Just as one can rarely blame smoking for one *particular* smoker's lung cancer, any one day's warm weather in a single location can hardly be called evidence of global warming. I spent many a childhood Christmas in Kentucky without a flake of white on the ground, and a white Christmas is more of a novelty there than a department-store Santa Claus.
All the same, as snow covered runways and roads from Portland OR to Chicago to Boston, I couldn't help feeling that Kentucky alone was bearing the evidence this holiday season of how winter precipitation goes wrong with temperatures just a few degrees warmer. Hazel looks happy enough, to be sure, and I know my sister-in-law and her family were glad that the southern half of their impromptu drive from Chicago to Louisville was ice-free. I'm glad to make the most of any weather, and 220 floating golf balls, harvested from nooks and crannies around my in-laws' 5 acre garden/playground, were evidence of a good time had by 4 cousins and 8 muddy boots.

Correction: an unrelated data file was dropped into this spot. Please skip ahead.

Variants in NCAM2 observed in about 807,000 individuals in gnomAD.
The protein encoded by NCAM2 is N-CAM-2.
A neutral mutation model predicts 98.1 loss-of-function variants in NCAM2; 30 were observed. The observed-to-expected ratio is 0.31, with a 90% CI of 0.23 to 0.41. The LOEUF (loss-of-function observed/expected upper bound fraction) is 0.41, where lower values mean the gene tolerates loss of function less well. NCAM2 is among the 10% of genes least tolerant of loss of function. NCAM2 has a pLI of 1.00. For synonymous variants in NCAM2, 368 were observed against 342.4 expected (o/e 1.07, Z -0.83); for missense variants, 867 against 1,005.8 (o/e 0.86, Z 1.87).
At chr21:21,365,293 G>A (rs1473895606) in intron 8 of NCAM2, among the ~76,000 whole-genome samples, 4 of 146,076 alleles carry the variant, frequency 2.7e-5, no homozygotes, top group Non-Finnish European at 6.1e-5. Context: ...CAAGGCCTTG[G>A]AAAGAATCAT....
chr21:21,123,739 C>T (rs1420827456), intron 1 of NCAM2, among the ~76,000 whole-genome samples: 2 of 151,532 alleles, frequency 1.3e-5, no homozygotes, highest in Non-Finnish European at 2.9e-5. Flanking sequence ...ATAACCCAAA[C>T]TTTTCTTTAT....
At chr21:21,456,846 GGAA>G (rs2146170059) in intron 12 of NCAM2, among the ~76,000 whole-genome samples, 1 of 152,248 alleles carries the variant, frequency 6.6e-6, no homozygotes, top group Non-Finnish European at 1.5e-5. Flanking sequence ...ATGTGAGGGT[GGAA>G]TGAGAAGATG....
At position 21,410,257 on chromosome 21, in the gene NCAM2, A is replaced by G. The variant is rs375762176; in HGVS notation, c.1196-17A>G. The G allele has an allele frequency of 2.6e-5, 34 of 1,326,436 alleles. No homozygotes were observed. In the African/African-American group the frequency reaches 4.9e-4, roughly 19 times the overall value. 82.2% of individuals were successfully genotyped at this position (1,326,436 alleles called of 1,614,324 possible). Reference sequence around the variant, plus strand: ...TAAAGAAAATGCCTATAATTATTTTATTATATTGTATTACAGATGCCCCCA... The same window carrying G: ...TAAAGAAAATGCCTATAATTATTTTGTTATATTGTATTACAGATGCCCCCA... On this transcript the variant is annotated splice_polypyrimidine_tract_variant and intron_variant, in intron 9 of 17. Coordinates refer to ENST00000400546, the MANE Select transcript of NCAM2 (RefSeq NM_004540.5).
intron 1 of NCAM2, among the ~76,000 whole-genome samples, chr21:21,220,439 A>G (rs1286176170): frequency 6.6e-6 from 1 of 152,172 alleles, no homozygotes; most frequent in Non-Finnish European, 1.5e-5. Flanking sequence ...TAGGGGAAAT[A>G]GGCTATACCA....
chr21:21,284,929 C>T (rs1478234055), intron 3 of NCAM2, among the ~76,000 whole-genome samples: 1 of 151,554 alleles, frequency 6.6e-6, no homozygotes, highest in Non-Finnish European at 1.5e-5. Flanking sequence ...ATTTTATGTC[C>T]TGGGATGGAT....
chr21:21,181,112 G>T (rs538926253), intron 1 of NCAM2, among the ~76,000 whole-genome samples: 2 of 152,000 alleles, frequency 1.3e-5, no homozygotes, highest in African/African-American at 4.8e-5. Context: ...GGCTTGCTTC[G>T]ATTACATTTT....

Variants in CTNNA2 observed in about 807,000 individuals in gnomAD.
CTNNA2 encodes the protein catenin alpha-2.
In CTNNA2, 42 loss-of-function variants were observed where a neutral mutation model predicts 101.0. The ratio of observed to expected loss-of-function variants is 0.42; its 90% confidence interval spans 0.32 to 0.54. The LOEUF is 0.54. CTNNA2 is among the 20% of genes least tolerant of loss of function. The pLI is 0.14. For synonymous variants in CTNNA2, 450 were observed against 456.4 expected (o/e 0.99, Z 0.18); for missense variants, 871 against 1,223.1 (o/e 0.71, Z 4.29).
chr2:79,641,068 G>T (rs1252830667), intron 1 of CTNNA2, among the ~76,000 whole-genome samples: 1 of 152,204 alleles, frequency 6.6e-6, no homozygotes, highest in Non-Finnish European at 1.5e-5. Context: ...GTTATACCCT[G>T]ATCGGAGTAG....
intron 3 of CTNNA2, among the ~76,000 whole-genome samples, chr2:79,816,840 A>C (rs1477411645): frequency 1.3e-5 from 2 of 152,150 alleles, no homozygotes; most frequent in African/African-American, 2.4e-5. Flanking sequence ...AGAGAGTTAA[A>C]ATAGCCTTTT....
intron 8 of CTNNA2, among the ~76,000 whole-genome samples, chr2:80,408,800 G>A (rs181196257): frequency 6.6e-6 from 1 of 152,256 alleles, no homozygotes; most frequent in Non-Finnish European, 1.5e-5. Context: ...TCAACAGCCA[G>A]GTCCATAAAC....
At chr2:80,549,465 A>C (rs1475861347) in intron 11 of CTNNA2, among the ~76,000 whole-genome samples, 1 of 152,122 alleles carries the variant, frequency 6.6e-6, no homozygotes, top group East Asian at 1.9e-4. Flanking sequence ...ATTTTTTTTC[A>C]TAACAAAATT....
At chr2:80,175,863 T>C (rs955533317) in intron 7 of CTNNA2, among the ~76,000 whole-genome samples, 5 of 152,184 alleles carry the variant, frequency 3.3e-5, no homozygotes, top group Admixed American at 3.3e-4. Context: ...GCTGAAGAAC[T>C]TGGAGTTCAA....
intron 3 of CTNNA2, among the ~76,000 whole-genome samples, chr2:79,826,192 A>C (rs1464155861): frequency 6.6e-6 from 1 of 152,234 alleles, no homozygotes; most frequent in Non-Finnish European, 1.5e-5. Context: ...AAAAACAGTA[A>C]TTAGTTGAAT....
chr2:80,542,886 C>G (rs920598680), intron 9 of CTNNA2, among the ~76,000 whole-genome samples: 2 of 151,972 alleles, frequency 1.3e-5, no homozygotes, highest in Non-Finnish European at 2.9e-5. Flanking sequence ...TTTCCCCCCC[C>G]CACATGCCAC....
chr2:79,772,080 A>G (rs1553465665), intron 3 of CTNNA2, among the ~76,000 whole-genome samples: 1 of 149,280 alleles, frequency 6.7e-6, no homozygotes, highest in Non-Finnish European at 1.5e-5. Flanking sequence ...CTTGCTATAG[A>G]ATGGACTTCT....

One of the predicted hallmarks of global warming is more striking extremes of weather in any location. Next summer, if the last several years are any evidence, the area pictured will be cracked and dry, the gardens given I.V. irrigation to survive. I hope that all of these cousins, throughout their lives, will continue to be able to make the most of what the weather brings, with good shelter and family for company, and the imagination necessary to make appropriate use of golf balls or any other flotsam and jetsam they find.